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Three Budapest Sisters May Get Rooked Attempting to Challenge Male Chess World

November 16, 1986|PATRICIA KOZA | United Press International

BUDAPEST, Hungary — Three sisters from Budapest are threatening to demolish male domination of the chess world.

Zsuzsa Polgar, 17, and her sisters, Zsofi, 12, and Judit, 10, began playing chess at age 3. Since they began competing internationally, they have racked up spectacular wins in Argentina, Puerto Rico and New York.

"Zsuzsa Polgar is certainly one of the two strongest women players in the world," said Stewart Reuben, events chairman of the British Chess Federation in London. "I doubt if there is anybody better than her in the world--male or female--who is 17.

"And the other two girls are very strong for their age irrespective of their sex."

Judit May Be Best

Judit may be the best yet. She scored seven straight victories in her section in her first international competition, this year's New York Open, the most lucrative tournament in chess. First prize was $85,000.

"Judit is probably better than Bobby Fischer," said her father, Laszlo Polgar, comparing her to the man regarded as the greatest modern player. Her U.S. rating is 2,203, higher than Fisher's at the same age.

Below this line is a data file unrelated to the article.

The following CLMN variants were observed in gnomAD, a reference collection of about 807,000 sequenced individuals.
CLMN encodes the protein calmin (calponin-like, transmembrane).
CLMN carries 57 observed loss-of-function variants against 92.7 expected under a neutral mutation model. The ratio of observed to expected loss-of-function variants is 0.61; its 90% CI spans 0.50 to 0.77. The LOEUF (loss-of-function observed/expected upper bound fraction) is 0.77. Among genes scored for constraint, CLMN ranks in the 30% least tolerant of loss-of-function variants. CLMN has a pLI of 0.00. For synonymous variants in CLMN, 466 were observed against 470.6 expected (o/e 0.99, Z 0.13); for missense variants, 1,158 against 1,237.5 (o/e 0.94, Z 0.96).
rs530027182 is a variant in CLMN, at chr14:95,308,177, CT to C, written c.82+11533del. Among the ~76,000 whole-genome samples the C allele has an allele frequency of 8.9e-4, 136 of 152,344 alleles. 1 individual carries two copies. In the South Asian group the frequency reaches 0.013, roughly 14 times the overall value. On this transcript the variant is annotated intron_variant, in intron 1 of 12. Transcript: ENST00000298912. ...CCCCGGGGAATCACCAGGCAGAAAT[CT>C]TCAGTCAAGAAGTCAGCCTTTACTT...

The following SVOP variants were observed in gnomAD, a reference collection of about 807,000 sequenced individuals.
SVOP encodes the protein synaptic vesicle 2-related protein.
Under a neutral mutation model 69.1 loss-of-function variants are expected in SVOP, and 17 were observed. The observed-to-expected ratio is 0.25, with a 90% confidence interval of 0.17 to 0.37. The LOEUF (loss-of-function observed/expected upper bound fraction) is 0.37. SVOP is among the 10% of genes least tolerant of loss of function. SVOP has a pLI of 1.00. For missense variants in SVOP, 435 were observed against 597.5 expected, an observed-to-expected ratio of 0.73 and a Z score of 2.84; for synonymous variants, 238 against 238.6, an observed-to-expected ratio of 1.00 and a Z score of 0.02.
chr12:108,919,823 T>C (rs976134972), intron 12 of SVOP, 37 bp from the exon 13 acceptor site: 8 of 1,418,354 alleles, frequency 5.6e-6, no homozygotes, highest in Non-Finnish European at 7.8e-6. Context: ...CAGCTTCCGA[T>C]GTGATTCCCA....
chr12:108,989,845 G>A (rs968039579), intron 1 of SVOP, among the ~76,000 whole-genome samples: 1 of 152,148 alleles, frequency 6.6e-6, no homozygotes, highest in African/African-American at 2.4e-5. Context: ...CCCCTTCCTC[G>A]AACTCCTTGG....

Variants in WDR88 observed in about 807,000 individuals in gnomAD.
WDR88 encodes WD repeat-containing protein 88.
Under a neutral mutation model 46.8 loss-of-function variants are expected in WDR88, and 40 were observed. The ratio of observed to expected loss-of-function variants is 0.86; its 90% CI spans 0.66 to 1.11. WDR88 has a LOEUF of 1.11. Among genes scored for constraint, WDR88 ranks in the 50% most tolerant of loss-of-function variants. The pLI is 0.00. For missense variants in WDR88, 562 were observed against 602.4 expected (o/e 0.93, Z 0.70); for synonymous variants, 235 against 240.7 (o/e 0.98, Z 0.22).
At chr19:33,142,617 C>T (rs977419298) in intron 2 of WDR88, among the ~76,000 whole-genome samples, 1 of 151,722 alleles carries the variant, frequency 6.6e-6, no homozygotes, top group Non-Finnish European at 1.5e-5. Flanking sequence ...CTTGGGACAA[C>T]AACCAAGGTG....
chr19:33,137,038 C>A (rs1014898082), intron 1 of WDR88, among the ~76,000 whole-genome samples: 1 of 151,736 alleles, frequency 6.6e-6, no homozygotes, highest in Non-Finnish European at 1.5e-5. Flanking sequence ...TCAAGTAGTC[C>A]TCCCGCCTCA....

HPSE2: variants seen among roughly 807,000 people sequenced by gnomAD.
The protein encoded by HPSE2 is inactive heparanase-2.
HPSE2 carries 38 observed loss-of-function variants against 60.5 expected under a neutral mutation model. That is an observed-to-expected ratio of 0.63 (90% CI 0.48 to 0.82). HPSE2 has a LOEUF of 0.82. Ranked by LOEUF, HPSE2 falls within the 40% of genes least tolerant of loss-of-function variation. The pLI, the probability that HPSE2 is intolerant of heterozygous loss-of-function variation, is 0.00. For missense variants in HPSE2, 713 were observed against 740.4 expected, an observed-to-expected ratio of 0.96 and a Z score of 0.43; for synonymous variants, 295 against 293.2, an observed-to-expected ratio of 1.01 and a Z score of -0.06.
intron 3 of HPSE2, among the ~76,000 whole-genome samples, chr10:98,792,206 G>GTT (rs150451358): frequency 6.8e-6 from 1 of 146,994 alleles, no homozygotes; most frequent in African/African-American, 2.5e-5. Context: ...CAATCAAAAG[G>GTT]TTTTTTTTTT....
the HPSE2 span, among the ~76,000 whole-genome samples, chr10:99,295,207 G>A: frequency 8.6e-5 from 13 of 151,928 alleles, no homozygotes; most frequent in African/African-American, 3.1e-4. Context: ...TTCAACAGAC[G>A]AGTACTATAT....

However, pursuing their art has meant one problem after another for the Polgar sisters, particularly for Zsuzsa Polgar. The reason: Their parents refuse to let them play in women-only tournaments, claiming that it's not challenging enough.

In response, the Hungarian Chess Federation refused to let Zsuzsa out of the country for three years, until 1985.

Incompetence Claimed

"The Hungarian Chess Federation seems totally incompetent with respect to Zsuzsa," Reuben said.

In one case, when she was willing to play on the women's side in the 1984 Olympiad in Thessalonika, the federation refused to allow her to be accompanied by one of her parents. The reason: It might threaten "team spirit."

"Women are able to achieve results similar, in the fields of intellectual activities, to that of men," her father wrote in a document describing the family.

"Chess is a form of intellectual activity, so this also applies to chess," he wrote. "Accordingly, we reject any kind of discrimination in this respect."

No Schooling

None of the children has ever been to school. They are taught at home by their father and mother, Klara. Both parents are teachers who believe that children should be stimulated at an early age.

Zsuzsa Polgar, for example, speaks Hungarian, English, Bulgarian, Esperanto, German, Russian and Spanish.

The sisters laugh and horse around like other kids and enjoy table tennis and a range of outdoor activities. But their lives are dominated by chess.

Chess Boards Everywhere

Chess boards are set up in every room except the kitchen in the four-room flat where they live in a Budapest high-rise. The girls play at least four hours a day with Hungarian grand masters.

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